Detailed geological mapping of the distal portion of the Lessini Shelf at Lumignano and Costozza allowed to identify geological features that can contribute significantly to the interpretation of the depositional system of the lower Oligocene carbonate platform. A sealed fault was identified beneath the lower Oligocene coral reef lithofacies, which we interpreted as a topographic threshold on which coral reefs nucleated. At the foot of the fault scarp, a thick package of massive grainstones of the Vicenza stone lithofacies deposited. This horizon of Vicenza stone has been quarried in Costozza since Roman times at least.

It was also possible to identify and map five lithofacies of the Castelgomberto formation, which correspond to different depositional environments with palaeo-water depth increasing towards the south-east. On the landward side, the bedded grainstone – rudstone lithofacies does not suggest the existence of a low energy lagoon, protected from the action of waves from a reef barrier. Instead, common grainstones and rudstones suggest deposition under continuous wave action. On the seaward side with respect to coral reefs, we couldn’t identify a slope facies made of coral rubble. A low-angle slope may have existed, but it was formed by the progradation of rhodolith rudstones, i.e., a carbonate factory unrelated to the coral reefs.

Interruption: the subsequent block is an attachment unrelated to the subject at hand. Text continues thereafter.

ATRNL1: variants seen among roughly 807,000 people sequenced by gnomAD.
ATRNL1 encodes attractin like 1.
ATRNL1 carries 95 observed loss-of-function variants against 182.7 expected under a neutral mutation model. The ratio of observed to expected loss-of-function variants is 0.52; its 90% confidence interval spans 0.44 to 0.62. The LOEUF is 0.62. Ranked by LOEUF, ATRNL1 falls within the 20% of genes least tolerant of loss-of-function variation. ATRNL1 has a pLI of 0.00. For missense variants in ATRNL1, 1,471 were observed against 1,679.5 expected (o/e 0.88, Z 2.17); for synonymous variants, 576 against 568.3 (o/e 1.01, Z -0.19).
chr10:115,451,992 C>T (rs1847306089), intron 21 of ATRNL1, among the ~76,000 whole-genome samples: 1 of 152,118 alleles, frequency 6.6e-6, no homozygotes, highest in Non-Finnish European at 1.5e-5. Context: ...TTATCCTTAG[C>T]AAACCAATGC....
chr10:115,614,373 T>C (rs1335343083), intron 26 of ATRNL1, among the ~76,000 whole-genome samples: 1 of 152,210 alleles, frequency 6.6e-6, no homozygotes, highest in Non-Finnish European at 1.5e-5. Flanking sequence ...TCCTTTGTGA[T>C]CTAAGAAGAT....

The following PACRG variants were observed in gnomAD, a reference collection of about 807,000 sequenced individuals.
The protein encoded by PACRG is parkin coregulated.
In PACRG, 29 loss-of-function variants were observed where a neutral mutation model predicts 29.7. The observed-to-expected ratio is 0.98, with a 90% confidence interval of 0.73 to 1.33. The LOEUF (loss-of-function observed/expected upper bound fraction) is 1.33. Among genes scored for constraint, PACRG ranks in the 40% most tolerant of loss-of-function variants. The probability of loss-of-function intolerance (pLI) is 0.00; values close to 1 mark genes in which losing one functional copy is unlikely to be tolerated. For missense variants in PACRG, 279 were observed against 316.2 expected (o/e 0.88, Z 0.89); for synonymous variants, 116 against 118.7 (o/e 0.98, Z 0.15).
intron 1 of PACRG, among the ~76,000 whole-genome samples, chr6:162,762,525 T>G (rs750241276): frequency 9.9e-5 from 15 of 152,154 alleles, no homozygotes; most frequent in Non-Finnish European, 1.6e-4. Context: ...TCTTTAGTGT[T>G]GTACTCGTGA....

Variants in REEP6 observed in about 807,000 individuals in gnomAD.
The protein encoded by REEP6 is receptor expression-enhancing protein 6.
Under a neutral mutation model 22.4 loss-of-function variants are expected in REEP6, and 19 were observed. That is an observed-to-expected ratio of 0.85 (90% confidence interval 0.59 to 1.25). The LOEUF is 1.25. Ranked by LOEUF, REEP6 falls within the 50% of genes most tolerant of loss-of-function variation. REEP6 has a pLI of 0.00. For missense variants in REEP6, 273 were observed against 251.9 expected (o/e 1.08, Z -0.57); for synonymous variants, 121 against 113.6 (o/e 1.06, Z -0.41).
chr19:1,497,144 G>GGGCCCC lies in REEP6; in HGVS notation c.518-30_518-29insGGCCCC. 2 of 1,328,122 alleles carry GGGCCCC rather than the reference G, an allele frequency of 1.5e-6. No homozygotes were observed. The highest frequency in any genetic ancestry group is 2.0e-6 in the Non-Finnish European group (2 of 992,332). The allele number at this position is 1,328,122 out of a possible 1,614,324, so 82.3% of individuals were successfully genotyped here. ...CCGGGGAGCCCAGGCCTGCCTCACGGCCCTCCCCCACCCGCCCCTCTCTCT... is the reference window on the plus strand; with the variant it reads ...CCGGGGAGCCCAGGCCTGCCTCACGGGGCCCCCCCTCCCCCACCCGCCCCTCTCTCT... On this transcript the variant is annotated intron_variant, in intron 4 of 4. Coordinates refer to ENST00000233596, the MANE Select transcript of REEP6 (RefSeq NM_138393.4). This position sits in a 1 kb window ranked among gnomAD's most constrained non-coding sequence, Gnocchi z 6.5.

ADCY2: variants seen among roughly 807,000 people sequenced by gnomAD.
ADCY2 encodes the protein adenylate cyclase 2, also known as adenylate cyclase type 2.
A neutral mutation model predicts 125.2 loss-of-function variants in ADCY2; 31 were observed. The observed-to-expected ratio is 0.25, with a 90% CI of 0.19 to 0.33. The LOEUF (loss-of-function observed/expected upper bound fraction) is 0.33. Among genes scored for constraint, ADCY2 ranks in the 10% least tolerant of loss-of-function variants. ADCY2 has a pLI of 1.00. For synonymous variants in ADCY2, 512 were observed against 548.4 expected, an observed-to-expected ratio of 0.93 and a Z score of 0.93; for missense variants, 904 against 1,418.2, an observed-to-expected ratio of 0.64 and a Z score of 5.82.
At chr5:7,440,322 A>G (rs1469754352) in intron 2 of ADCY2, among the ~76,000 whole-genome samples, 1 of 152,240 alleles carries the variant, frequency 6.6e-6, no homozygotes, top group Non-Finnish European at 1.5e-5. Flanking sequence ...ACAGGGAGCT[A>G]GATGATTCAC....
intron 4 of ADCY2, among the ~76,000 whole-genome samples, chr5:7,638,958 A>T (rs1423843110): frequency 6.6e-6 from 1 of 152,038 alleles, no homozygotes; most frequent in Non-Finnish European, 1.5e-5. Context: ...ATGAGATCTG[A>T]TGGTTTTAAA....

These observations can contribute to the resolution of the current debate about the nature of the lower Oligocene carbonate platform of the Lessini Shelf, and in particular, on whether coral reefs formed a barrier protecting a lagoon, or they were instead growing on a carbonate ramp.

This article contains electronic supplementary material which is available to authorised users.

Special thanks are due to Matteo Benato, Marco Bregolin, Alberto Ciampalini and Giovanni Stecca for their help in mapping and sampling. We would like to acknowledge Paolo Mozzi for valuable suggestions about quaternary deposits present in the study area. The administration of the municipality of Longare and the citizens of Lumignano and Costozza are thanked for the support given to our mapping work, and for the many cases they granted us permission to access their own private land. Research supported by GeoKarst, Italy Slovenia Cooperation Programme of the European Regional Development Fund of the European Union – Interreg (CUP H74I19001340007).

Declaration of interest statement

The authors declare no conflicts of interest.

Supplementary data